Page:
In addition to counseling Nina, Andrea worked with her YAP team to provide support for Nina’s sister and connect her mother with resources that reinforced the entire family’s foundation.

“Eventually, home became more stable and school was easier to handle,” Nina said.

Andrea watched Nina progress. Empowered with new ways to manage her anxiety, she said Nina maintained high honors and became more social by joining clubs at school.

“Towards the end of service, Nina was able to advocate for herself and make tremendous progress with her treatment goals,” Andrea said.

Nina is headed to the University of Scranton where she will major in pre-med and biochemistry. After that she plans to go to medical school and pursue a career in psychiatry.

“Without this program, it would be fair to say my life would not be the same,” Nina said.

Nina recently learned that she is one YAP’s 2018 Tom Jeffers Endowment Fund for Continuing Education scholarship winners. Andrea proudly wrote her letter of recommendation.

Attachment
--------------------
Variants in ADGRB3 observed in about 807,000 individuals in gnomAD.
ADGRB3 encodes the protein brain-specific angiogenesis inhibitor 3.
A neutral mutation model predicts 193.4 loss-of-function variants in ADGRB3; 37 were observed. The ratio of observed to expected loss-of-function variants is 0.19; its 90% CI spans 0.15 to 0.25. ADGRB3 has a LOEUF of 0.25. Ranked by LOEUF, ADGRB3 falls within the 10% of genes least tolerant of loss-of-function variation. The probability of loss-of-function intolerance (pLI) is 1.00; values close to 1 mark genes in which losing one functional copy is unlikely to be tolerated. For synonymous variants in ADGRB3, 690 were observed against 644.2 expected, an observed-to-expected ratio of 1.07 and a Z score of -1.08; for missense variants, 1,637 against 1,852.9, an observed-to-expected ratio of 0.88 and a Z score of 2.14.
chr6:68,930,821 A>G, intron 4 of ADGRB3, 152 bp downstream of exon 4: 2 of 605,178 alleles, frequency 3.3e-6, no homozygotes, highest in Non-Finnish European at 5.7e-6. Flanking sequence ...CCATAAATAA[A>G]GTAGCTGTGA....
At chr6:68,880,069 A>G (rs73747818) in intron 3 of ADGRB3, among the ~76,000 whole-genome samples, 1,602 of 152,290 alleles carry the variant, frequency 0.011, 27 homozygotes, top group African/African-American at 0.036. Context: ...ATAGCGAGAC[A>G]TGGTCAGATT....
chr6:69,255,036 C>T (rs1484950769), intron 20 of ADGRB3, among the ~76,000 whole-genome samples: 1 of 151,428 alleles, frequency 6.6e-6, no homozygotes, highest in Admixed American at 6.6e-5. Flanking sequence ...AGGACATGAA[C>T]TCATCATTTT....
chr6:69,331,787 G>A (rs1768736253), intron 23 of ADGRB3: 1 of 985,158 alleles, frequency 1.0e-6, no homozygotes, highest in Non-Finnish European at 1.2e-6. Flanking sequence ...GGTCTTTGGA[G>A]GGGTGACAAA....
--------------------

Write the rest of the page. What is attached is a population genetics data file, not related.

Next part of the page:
Nina has been inspired through her treatment,” Andrea said. “I have no doubt that Nina will succeed in her goals, as she always has.”

Nina says the $1,000 Endowment Scholarship will greatly assist her to pursue her aspirations by awarding her with a laptop computer and will make things easier for her single mother who will support her throughout her education.


They say the force of the Crimson Tide is relentless. Given all she has overcome already, leaving Sparta, N.J. to attend the University of Alabama makes perfect sense for Jenna Ryan.